Environment, News

NBA Star Donates $1-Million To Oklahoma Relief Efforts

Image: Keith Allison
Kevin Durant is an NBA star. He plays for the Oklahoma City Thunder. Image: Keith Allison

To help his home city “bounce back” after a terrible storm, NBA player Kevin Durant has donated $1-million.

The number of people harmed by a recent tornado in the U.S. state of Oklahoma was greatly reduced, thanks to a special early-warning system.

On Monday, a major tornado hit Moore, a suburb of Oklahoma City. A tornado is a violent storm that usually looks like a whirling funnel.

Residents were warned there was a big storm coming, and possibly a tornado, days before it arrived. When it actually hit, sirens blared, giving people a 16-minute head start to find shelter.

Those sixteen minutes likely saved many lives, according to a news report by The Associated Press.

The country’s National Weather Service issued a warning that a tornado was coming. Then, outdoor sirens started going off. When people heard the noise, they knew to go somewhere safe from the storm, such as a basement.

Thirty-six sirens were installed in Moore because it is in an area of the U.S. that sometimes has tornadoes. Other parts of North America are not as likely to have tornadoes.

Researchers are working on creating longer-term warnings, that will give people even more warning time.

Image: Ks0stm
This photograph shows the tornado as it travelled south of Oklahoma City. Image: Ks0stm

In Canada, Environment Canada issues weather warnings to alert people to big storms.

One of the people affected by the tornado is basketball player Kevin Durant, who plays for the Oklahoma City Thunder. He said it was “tough to see” what the tornado did to his town. He has donated $1-million to help the city rebuild.

He told The Associated Press that the city will come together and “we’re going to bounce back.”

By Jonathan Tilly

Writing/Discussion Prompt
Today’s story explains that a tornado is a violent storm that usually looks like a whirling funnel. The science of what causes tornados is quite fascinating and, with the help of an adult, search the web and youtube for explanations that are right for you.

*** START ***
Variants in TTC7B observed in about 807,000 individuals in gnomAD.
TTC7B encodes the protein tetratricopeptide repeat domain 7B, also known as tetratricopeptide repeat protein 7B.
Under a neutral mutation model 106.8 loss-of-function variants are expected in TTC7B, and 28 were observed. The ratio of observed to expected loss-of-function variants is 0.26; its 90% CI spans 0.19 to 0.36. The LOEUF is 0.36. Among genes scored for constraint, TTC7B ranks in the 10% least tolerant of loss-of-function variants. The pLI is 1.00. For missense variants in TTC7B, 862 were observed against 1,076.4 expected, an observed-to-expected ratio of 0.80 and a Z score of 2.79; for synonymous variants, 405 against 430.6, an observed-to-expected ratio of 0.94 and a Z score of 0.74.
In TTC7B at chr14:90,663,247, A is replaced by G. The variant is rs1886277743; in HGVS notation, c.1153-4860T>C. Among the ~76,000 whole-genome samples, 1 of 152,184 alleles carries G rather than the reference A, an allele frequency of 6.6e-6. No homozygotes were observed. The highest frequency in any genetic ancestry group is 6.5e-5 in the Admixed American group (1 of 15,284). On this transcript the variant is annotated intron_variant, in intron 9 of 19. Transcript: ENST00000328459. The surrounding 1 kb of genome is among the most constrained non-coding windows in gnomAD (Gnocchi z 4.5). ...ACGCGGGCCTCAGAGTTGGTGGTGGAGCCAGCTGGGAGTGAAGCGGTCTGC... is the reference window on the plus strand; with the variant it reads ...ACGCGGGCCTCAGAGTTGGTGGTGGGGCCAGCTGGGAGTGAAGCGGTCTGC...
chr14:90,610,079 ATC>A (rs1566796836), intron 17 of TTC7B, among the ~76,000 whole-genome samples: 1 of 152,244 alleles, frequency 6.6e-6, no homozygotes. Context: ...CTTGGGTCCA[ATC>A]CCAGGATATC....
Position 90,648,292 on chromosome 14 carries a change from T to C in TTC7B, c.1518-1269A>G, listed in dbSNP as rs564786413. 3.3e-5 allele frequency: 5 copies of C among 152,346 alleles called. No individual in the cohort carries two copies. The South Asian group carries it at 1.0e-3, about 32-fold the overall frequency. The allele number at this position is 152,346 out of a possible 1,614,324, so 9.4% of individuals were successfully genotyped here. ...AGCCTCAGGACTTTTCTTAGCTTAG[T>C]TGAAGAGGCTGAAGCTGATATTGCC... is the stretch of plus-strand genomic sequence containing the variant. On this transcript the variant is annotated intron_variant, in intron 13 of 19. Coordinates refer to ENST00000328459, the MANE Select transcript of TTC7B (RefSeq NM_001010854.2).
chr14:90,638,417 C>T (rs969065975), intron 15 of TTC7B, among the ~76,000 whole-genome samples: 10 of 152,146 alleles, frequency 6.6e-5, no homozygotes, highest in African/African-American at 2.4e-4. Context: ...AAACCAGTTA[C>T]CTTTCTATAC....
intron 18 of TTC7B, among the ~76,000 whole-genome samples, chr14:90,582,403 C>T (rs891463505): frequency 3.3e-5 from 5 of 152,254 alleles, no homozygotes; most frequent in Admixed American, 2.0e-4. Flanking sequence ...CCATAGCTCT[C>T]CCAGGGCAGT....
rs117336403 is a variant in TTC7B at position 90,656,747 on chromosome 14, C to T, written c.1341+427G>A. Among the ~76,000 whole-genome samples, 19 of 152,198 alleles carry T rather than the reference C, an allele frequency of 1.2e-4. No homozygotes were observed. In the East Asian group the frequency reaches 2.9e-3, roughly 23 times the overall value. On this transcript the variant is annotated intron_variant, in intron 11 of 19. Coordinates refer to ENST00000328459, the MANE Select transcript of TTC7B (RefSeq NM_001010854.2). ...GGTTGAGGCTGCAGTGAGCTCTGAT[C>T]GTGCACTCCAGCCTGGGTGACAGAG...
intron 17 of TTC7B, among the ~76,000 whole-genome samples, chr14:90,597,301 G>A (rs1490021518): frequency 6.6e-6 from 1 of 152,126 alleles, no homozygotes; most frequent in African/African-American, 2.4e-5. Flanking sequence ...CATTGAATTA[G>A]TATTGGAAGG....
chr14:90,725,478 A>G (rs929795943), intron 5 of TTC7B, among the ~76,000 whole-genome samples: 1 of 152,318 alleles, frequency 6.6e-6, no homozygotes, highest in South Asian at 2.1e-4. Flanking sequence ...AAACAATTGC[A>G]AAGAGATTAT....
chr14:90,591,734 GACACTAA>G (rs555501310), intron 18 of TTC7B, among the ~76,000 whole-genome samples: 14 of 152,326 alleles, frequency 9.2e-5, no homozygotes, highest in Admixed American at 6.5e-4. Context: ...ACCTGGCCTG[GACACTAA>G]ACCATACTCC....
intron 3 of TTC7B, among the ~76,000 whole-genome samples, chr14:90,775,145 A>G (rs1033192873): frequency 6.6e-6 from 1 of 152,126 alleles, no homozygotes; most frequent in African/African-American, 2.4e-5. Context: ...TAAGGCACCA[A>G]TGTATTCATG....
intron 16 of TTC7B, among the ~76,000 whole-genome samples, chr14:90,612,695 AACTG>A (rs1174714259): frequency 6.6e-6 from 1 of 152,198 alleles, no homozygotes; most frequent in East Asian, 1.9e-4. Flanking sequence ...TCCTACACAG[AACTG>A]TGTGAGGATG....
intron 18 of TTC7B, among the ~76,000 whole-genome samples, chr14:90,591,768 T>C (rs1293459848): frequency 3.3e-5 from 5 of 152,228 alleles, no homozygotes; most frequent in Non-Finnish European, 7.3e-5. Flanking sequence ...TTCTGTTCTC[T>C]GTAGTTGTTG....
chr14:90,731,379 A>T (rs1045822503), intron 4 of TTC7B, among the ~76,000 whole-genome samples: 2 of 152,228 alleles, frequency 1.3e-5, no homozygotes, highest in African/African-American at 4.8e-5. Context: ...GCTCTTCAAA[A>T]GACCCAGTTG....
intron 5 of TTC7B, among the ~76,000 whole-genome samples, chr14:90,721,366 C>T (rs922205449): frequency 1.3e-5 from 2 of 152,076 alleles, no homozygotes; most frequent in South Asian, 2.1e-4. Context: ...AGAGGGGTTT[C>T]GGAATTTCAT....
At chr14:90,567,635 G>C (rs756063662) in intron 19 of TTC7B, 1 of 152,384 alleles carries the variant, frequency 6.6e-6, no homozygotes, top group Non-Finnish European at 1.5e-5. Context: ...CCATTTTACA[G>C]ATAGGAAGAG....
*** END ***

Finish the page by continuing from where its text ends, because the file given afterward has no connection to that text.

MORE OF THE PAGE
However, to see what the swirling wind looks like, do the following experiment. Materials you’ll need are: 2 empty 2-litre plastic pop bottles, water, duct tape, sequins (optional).

1. Pour approximately 1 litre of water into one of the pop bottles.
2. If using sequins, add them to the water now.
3. Place the empty pop bottle on top of the pop bottle containing the water, so that both spouts are lined up.
4. Use the duct tape to create a seal between both spouts. (The water will need to travel from one bottle to the other, so a well-made seal is a good idea.)

Now that your tornado in a bottle is made, flip the plastic bottles so that the water is falling into the empty bottle. Turn the top water bottle in a circular motion while keeping the bottom water bottle in place. This will produce a “whirling funnel” of water. If you do not see the water moving in this way, try turning the top water bottle more quickly.

Reading Prompt: Comprehension Strategies
A comprehension strategy is a tool that helps you understand what it is that you are reading. One excellent tool for making sure you are comprehending a text is asking yourself questions.

Did you ask yourself questions as you read? If so, what were they? If not, what strategy did you use to ensure that you understood the article correctly?

Primary & Junior
Identify a variety of reading comprehension strategies and use them appropriately before, during, and after reading to understand texts (OME, Reading: 1.3).

Identify a variety of reading comprehension strategies and use them appropriately before, during, and after reading to understand increasingly complex texts (OME, Reading: 1.3).

Grammar Feature: Adjectival Compounds / Dashes ( – )
Dashes ( – ) are punctuation marks that can be used to change or modify the meaning of the words they connect. When a dash is used in this way, the first word modifies the meaning of the second word. For this reason, these constructions are called adjectival compounds, i.e. the number modifies the amount of the second word, the noun. Today’s story contains two adjectival compounds, 16-minute and 1-million.

Write 5 of your own adjectival compounds. Make sure that the number changes the value of the noun it precedes.